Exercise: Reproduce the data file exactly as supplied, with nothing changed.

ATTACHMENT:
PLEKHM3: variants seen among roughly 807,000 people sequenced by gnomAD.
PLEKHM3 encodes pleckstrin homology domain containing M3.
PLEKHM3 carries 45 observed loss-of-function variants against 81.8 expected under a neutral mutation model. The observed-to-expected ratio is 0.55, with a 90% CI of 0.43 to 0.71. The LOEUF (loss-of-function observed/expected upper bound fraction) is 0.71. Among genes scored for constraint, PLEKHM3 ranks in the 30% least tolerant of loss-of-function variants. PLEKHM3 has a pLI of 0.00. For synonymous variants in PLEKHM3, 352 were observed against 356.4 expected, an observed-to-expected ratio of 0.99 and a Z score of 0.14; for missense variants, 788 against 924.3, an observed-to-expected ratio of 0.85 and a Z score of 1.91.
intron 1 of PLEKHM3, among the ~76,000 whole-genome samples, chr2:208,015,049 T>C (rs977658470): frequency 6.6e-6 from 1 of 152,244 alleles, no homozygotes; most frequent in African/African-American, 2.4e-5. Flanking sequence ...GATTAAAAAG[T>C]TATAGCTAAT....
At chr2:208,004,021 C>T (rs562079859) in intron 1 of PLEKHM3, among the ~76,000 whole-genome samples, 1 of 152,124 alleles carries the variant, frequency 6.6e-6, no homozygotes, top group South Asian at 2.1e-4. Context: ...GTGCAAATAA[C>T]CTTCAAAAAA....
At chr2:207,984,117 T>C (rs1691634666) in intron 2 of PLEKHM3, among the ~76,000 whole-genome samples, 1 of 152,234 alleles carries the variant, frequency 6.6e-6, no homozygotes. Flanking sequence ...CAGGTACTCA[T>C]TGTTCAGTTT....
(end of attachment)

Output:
PLEKHM3: variants seen among roughly 807,000 people sequenced by gnomAD.
PLEKHM3 encodes pleckstrin homology domain containing M3.
PLEKHM3 carries 45 observed loss-of-function variants against 81.8 expected under a neutral mutation model. The observed-to-expected ratio is 0.55, with a 90% CI of 0.43 to 0.71. The LOEUF (loss-of-function observed/expected upper bound fraction) is 0.71. Among genes scored for constraint, PLEKHM3 ranks in the 30% least tolerant of loss-of-function variants. PLEKHM3 has a pLI of 0.00. For synonymous variants in PLEKHM3, 352 were observed against 356.4 expected, an observed-to-expected ratio of 0.99 and a Z score of 0.14; for missense variants, 788 against 924.3, an observed-to-expected ratio of 0.85 and a Z score of 1.91.
intron 1 of PLEKHM3, among the ~76,000 whole-genome samples, chr2:208,015,049 T>C (rs977658470): frequency 6.6e-6 from 1 of 152,244 alleles, no homozygotes; most frequent in African/African-American, 2.4e-5. Flanking sequence ...GATTAAAAAG[T>C]TATAGCTAAT....
At chr2:208,004,021 C>T (rs562079859) in intron 1 of PLEKHM3, among the ~76,000 whole-genome samples, 1 of 152,124 alleles carries the variant, frequency 6.6e-6, no homozygotes, top group South Asian at 2.1e-4. Context: ...GTGCAAATAA[C>T]CTTCAAAAAA....
At chr2:207,984,117 T>C (rs1691634666) in intron 2 of PLEKHM3, among the ~76,000 whole-genome samples, 1 of 152,234 alleles carries the variant, frequency 6.6e-6, no homozygotes. Flanking sequence ...CAGGTACTCA[T>C]TGTTCAGTTT....